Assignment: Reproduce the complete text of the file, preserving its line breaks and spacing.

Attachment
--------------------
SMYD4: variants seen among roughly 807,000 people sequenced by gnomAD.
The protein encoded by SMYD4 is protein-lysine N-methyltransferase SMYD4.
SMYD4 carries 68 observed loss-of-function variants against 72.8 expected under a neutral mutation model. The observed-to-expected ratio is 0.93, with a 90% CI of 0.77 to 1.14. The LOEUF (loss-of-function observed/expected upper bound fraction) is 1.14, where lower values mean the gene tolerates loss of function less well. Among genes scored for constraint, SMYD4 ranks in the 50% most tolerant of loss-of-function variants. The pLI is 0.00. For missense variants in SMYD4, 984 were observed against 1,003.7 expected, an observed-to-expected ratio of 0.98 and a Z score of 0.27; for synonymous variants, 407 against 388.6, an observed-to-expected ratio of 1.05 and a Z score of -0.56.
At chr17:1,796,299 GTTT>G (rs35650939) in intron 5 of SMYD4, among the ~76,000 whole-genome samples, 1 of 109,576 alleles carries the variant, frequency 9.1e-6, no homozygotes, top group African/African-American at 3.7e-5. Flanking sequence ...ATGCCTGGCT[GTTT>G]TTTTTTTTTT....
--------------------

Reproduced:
SMYD4: variants seen among roughly 807,000 people sequenced by gnomAD.
The protein encoded by SMYD4 is protein-lysine N-methyltransferase SMYD4.
SMYD4 carries 68 observed loss-of-function variants against 72.8 expected under a neutral mutation model. The observed-to-expected ratio is 0.93, with a 90% CI of 0.77 to 1.14. The LOEUF (loss-of-function observed/expected upper bound fraction) is 1.14, where lower values mean the gene tolerates loss of function less well. Among genes scored for constraint, SMYD4 ranks in the 50% most tolerant of loss-of-function variants. The pLI is 0.00. For missense variants in SMYD4, 984 were observed against 1,003.7 expected, an observed-to-expected ratio of 0.98 and a Z score of 0.27; for synonymous variants, 407 against 388.6, an observed-to-expected ratio of 1.05 and a Z score of -0.56.
At chr17:1,796,299 GTTT>G (rs35650939) in intron 5 of SMYD4, among the ~76,000 whole-genome samples, 1 of 109,576 alleles carries the variant, frequency 9.1e-6, no homozygotes, top group African/African-American at 3.7e-5. Flanking sequence ...ATGCCTGGCT[GTTT>G]TTTTTTTTTT....